In 2004, Kennedy Odede founded
Shining Hope For Communities
(SHOFCO) as a grassroots movement based in Kibera, Africa’s largest informal settlement. SHOFCO’s work spans 17 dense areas in Kenya’s informal settlements, providing critical services, community advocacy platforms and education and leadership development for women and girls. In
, systemic transformation of communities must be driven by economic opportunity, access to basic services and a belief in the dignity and self-worth of every individual.
Power of Community and Building Trust in the Face of Crisis
We know that in communities like Kibera, an effective pandemic response is jeopardized when people cannot meet their basic needs. We invested in SHOFCO because of the urgent need to support communities and families’ response to the COVID-19 pandemic — a response that recognizes the dignity of all people and the strength of communities and local organizations to lead this charge. We saw SHOFCO’s capacity to empower young people while promoting resilience in the youth at a time of crippling economic realities. Change requires trust and few organizations hold the respect and trust that SHOFCO has built in over a decade of work.
SHOFCO’s community mobilizers and health workers sprung into action launching a multi-pronged prevention and preparedness campaign focused on community health, WASH and nutrition interventions. They provided more than 7 million liters of clean drinking water, informational pamphlets and handwashing stations that have been used more than 50 million times. Incredibly, they have screened nearly 2 million residents for potential symptoms.
The Power of Engaging Youth: Why Local Organizations Matter
We recognize the importance of engaging and supporting youth, many of whom are hungry to engage and contribute to their communities. Impact-driven engagement builds connection, networks and agency. SHOFCO’s community center creates spaces for youth to come together and discover their talents. The center also hosts large mobilization and advocacy meetings around issues that affect young people such as the workforce, education, lack of opportunity and violence.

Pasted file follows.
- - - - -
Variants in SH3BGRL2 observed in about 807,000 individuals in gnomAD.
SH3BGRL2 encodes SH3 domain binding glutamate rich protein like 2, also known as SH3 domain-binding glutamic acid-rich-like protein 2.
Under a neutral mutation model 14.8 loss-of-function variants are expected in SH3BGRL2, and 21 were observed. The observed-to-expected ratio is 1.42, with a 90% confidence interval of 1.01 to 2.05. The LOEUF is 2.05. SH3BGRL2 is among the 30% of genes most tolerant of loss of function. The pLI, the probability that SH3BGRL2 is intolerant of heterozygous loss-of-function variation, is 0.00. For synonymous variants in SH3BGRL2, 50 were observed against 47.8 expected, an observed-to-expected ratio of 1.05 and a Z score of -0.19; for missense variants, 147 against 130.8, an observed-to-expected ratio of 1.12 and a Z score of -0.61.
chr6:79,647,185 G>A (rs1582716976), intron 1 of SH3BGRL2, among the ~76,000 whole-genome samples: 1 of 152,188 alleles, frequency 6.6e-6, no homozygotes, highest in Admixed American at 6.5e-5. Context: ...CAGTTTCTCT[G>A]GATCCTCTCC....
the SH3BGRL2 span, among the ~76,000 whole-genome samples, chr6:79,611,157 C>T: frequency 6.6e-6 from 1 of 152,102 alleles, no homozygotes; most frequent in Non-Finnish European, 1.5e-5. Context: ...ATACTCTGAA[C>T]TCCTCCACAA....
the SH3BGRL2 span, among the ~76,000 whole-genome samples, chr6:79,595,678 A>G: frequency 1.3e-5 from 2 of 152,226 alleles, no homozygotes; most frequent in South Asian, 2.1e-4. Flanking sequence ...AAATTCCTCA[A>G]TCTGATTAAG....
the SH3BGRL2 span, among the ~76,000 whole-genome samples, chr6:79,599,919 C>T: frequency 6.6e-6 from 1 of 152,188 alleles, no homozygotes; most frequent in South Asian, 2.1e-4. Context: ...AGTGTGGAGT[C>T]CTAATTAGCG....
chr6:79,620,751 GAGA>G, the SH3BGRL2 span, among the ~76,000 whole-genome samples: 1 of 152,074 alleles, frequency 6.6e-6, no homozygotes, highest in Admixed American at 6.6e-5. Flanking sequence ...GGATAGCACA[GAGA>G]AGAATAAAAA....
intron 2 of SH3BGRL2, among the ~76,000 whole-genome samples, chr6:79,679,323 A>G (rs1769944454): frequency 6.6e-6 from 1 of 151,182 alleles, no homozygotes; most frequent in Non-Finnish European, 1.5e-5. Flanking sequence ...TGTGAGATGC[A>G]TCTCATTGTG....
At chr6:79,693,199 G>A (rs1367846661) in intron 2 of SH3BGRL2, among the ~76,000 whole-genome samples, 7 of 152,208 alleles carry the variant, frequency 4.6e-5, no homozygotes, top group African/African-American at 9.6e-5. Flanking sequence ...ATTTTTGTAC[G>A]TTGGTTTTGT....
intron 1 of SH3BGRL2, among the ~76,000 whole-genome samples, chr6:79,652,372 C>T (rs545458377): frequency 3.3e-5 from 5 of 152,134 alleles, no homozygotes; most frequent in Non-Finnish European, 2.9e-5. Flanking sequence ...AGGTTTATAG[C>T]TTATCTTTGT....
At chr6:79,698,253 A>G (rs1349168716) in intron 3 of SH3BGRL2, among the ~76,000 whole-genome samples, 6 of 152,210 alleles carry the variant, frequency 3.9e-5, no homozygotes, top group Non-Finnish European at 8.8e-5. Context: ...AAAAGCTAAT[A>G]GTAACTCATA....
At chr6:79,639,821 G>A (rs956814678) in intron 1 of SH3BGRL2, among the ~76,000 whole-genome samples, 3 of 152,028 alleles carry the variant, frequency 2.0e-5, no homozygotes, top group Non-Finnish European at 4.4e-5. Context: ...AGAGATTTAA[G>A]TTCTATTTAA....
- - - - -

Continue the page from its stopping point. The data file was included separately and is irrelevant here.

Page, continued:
Last year, the SHOFCO Urban Network (SUN), a platform that targets youth, reached 2.4 million people over a six-month period. In Kibera and Mathare slums, the SUN community comprising of more than 160,000 young people moved door-to-door educating the community and providing vital supplies such as relief food, masks and sanitizers to families in need. “SHOFCO gives young people like me an opportunity to be part of the solution to our problems. The youth in Kibera are resilient and we can create change in the community when given a chance,” shared Justus, one youth who was part of these efforts.
As we deepen our work in engaging youth across Africa, we look forward to learning alongside and co-creating solutions with organizations like SHOFCO.
Education Safety Nets and Improving Learning Outcomes Beyond COVID-19
In addition to the immediate public health threats of the ongoing virus, learning is also at stake. During the lockdown, the majority of learners from informal settlements could not afford the infrastructure required for online learning. To cushion this, SHOFCO, which runs tuition-free leadership academies located in Kibera and Mathare slums with more than 500 students, made its community library services available to children who wanted to keep up with their studies.
As schools reopen, SHOFCO will work with families and trusted community networks to prioritize learning. Young adolescent girls are twice as likely to be out of school in crisis situations and face greater barriers to education. SHOFCO is set to launch a program that will provide 15,000 adolescent girls and young women with sexual and reproductive health information and services through a network of trusted clinics and community health workers.
There’s also a need to support parents and caregivers, so that they can prioritize their children’s education. To date, SHOFCO has disbursed direct cash transfers to more than 34,000 individuals in the SUN network. Their Sustainable Livelihoods Department works with residents ages 18-35 years and trains them on job readiness, entrepreneurship and computer skills and also provides job placement assistance services.
Moving Forward Through A Crisis
Interruptions to education can have lasting implications — especially for the most vulnerable. The crisis we’re facing is continually evolving, and with it, the decisions that communities and educators are having to make. Working with partners such as SHOFCO helps us to support communities and address the most pressing education priorities at each step of the way. At Imaginable Futures, we believe that collective and inclusive action is paramount if we are to navigate the current crisis and deliver future success for all learners, their families and communities.